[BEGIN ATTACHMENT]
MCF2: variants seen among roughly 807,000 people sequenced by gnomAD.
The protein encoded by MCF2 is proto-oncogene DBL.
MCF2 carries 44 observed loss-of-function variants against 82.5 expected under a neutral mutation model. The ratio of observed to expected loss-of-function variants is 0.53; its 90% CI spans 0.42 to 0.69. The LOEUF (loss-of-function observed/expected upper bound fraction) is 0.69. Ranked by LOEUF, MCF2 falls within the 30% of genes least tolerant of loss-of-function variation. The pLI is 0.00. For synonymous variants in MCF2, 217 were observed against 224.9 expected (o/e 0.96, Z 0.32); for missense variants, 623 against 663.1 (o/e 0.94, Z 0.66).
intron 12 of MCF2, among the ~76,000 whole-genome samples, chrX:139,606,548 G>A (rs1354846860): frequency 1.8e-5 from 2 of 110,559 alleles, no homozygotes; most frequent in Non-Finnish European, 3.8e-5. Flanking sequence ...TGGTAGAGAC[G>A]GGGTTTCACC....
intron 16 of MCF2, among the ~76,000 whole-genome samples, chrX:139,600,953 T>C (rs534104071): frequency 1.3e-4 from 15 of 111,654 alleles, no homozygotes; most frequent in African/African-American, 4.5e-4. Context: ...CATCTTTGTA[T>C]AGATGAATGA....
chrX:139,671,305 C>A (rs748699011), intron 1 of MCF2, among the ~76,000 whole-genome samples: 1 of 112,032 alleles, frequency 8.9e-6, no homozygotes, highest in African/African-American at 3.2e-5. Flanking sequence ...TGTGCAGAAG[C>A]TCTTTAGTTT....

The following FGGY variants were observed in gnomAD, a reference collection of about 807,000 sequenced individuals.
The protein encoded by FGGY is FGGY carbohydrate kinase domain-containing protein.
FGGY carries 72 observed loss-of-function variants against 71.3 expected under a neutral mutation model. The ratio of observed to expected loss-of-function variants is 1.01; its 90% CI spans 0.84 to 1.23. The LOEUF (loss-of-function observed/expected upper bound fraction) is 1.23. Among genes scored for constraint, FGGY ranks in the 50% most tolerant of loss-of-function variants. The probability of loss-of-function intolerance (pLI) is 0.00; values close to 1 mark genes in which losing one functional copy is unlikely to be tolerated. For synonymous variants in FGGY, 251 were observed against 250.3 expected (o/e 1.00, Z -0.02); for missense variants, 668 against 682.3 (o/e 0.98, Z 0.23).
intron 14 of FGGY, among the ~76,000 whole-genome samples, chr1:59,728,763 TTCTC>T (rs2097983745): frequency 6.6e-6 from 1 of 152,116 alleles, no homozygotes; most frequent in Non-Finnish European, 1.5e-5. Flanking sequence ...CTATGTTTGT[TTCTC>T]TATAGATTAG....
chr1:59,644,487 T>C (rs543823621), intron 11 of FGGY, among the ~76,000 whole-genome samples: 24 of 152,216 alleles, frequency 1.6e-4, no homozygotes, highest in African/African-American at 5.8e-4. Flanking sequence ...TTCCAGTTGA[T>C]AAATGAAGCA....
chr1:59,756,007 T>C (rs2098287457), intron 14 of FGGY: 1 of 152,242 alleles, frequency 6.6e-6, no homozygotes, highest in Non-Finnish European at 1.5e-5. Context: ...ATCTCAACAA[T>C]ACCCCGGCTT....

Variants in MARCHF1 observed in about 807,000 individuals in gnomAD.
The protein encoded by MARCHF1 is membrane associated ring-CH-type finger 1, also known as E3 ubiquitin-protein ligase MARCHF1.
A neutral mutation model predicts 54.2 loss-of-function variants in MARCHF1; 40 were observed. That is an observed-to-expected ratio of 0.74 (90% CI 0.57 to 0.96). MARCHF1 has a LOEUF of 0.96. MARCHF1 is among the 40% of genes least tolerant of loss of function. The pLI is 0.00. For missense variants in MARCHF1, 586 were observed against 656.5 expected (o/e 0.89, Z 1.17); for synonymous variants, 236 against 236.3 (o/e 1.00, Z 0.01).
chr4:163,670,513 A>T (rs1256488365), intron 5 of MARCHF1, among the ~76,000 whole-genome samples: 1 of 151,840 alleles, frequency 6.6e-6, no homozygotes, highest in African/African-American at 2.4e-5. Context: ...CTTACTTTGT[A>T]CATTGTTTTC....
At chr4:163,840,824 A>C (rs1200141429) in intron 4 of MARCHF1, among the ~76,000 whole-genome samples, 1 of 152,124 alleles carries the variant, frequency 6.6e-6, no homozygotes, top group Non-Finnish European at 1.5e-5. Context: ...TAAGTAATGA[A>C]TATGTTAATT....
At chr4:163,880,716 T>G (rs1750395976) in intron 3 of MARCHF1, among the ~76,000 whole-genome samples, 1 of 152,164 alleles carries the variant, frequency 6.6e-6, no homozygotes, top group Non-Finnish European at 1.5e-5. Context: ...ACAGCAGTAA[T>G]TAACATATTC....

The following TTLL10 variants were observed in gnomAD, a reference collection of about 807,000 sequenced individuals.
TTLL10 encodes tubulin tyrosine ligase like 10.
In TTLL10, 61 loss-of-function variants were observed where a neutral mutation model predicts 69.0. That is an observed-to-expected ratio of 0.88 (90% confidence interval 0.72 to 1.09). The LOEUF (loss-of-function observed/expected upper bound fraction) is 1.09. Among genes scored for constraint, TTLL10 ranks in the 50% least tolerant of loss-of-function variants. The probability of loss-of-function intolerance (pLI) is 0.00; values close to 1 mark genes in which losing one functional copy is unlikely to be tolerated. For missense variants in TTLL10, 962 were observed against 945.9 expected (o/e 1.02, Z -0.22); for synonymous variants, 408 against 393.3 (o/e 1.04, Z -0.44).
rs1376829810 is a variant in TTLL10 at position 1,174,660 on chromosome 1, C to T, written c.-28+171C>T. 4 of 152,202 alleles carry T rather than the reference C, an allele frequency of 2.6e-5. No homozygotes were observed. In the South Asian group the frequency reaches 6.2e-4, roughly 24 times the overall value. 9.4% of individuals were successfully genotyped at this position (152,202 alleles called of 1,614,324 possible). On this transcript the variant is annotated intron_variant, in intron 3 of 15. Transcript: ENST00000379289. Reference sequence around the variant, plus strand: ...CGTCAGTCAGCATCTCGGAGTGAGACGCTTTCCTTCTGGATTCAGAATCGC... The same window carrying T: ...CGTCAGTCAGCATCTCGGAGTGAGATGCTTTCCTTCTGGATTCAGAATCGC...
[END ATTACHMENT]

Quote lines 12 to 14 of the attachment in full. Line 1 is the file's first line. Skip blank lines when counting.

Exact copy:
chr1:59,756,007 T>C (rs2098287457), intron 14 of FGGY: 1 of 152,242 alleles, frequency 6.6e-6, no homozygotes, highest in Non-Finnish European at 1.5e-5. Context: ...ATCTCAACAA[T>C]ACCCCGGCTT....

Variants in MARCHF1 observed in about 807,000 individuals in gnomAD.
The protein encoded by MARCHF1 is membrane associated ring-CH-type finger 1, also known as E3 ubiquitin-protein ligase MARCHF1.